BOISE – The Natural Resources Conservation Service has released the fourth water supply outlook report for the 2018 water year.
Precipitation since the water year started on October 1, 2017, varies across the state with watersheds ranging from 85 to 120% of normal.
“It’s springtime in Idaho; the stage is set, and things are looking interesting for the water supply picture,” said Ron Abramovich, Water Supply Specialist for the Idaho Natural Resources Conservation Service. “Overall, Idaho’s mountain snowpack generally reaches its peak snow water content in early April.”
Current snowpacks range from half of normal in the Owyhee basin to 120% of normal in the Clearwater and Upper Snake. These amounts are much less than last year, except in the Clearwater and north, where there is more snow than a year ago.
Now for the interesting part. “We may not have seen the peak snow water content amounts yet, because of these storms that keep rolling in,” Abramovich said.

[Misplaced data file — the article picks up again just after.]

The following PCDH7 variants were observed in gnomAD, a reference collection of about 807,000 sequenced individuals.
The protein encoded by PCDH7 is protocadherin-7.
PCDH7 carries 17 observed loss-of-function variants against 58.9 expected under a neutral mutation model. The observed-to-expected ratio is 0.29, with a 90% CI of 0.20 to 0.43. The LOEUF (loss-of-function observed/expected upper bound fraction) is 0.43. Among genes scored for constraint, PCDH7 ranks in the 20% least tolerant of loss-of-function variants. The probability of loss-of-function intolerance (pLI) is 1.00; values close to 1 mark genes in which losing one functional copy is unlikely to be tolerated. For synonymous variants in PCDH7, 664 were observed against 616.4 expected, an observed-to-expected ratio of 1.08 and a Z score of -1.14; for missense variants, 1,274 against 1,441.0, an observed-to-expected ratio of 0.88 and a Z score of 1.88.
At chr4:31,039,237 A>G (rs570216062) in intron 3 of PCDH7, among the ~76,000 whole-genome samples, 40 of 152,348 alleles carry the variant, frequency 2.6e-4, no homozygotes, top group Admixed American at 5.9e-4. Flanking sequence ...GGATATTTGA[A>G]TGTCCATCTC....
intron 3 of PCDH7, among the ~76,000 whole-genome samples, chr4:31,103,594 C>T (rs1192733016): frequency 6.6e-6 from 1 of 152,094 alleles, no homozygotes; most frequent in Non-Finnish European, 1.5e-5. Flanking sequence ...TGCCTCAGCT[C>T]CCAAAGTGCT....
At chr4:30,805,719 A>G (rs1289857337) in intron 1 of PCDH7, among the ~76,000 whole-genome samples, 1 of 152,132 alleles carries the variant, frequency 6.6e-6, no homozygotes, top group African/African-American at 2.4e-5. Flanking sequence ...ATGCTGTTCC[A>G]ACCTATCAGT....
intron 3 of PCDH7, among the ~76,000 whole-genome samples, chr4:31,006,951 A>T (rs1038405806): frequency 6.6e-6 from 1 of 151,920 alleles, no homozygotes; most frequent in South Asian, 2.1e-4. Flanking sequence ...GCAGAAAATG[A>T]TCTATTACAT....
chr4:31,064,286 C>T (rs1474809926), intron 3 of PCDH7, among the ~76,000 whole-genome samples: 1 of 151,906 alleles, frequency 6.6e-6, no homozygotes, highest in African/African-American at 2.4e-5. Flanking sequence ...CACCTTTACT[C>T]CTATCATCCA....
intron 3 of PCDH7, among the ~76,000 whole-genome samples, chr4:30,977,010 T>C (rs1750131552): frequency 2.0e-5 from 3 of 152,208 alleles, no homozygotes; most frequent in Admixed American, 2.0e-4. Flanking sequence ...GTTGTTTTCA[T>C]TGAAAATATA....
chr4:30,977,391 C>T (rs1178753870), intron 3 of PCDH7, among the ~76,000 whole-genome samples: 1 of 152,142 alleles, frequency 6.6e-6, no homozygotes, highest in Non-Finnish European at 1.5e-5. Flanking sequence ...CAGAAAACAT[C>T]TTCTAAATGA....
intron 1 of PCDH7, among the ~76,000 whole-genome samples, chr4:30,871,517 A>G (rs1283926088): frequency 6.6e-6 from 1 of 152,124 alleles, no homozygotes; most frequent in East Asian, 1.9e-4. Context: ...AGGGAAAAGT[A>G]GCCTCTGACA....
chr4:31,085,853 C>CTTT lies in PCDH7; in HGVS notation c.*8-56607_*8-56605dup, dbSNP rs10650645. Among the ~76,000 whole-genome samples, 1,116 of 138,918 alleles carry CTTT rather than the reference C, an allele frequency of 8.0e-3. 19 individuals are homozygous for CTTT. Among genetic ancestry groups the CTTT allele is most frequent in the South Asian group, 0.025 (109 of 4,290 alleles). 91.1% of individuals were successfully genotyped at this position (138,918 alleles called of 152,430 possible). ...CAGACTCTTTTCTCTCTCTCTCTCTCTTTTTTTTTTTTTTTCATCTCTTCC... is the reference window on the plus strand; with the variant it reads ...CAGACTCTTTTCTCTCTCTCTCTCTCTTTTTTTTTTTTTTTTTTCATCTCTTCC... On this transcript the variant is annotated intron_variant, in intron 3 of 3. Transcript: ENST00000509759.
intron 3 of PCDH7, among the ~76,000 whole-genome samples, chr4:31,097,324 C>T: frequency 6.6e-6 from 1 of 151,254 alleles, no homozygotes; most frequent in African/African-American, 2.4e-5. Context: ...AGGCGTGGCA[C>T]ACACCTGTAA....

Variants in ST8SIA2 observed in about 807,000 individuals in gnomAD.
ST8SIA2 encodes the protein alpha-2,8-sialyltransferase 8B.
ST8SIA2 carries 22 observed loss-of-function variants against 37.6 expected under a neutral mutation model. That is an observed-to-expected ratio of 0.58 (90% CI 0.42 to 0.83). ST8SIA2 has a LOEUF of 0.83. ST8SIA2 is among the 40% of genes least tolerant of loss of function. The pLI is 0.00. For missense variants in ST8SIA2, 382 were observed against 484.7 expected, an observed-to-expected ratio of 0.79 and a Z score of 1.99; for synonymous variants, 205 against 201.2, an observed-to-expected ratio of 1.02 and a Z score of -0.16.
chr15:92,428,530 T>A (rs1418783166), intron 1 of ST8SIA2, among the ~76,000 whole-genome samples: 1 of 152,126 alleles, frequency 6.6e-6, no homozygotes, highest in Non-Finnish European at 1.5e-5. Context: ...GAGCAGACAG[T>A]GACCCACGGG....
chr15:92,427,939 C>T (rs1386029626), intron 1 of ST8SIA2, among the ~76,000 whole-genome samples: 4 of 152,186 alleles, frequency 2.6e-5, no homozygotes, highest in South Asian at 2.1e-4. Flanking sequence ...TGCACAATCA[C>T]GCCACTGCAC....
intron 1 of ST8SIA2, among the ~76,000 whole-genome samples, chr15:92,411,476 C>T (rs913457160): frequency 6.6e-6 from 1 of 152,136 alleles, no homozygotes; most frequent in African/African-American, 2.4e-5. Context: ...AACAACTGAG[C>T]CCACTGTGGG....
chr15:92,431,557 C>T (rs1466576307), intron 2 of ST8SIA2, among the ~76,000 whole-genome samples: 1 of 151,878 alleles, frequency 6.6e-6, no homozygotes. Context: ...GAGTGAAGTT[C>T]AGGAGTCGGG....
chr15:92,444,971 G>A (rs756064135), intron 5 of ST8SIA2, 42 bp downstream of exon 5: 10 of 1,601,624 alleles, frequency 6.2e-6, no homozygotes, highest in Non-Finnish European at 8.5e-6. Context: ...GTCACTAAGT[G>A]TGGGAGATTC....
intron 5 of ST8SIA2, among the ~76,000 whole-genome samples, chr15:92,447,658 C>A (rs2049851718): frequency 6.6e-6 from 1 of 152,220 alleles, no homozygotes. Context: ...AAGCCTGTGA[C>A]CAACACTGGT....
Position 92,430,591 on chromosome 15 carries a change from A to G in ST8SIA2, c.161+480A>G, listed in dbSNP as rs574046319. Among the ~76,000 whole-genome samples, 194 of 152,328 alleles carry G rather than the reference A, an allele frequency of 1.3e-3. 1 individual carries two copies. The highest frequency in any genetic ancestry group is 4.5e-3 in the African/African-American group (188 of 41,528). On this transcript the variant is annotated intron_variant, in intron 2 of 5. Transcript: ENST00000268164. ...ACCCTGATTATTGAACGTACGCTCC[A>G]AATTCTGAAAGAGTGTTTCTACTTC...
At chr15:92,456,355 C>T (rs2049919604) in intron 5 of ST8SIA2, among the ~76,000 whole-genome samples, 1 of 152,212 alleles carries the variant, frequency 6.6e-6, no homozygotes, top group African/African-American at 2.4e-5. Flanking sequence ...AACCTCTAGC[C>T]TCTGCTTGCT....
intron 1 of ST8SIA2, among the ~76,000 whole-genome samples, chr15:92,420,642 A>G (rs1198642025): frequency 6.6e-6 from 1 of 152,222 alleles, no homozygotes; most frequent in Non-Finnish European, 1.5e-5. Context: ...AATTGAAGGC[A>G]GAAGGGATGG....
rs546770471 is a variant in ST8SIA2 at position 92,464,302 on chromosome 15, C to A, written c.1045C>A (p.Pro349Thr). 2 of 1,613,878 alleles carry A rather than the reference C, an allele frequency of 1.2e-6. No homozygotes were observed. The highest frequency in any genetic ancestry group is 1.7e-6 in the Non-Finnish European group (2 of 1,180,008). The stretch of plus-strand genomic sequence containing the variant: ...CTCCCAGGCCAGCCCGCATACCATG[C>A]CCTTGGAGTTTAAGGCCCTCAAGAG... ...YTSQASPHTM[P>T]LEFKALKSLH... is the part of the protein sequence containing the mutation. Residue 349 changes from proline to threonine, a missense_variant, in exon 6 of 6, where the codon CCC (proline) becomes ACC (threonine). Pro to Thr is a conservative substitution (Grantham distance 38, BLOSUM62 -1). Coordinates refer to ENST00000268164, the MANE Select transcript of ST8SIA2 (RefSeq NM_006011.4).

Streamflow forecasts mirror the current snowpacks ranging from 40% of average in the Owyhee basin to 120% in the Clearwater and Upper Snake basins. Combining these runoff volumes with current reservoir storage will provide adequate irrigation supplies for nearly all users including farmers, fish, power producers, river runners and more.
March brought abundant high elevation snow to the central mountains and those will hopefully be enough to sustain streamflows in the later summer months for the water users in the Big Wood, Big Lost and Little Lost basins. Bear Lake, Lake Owyhee, Oakley, and Salmon Falls reservoirs are not expected to fill but will provide adequate irrigation supplies for their water users.
For information on specific basins, streams, and reservoirs, please view the full report online at April Water Supply Outlook Report.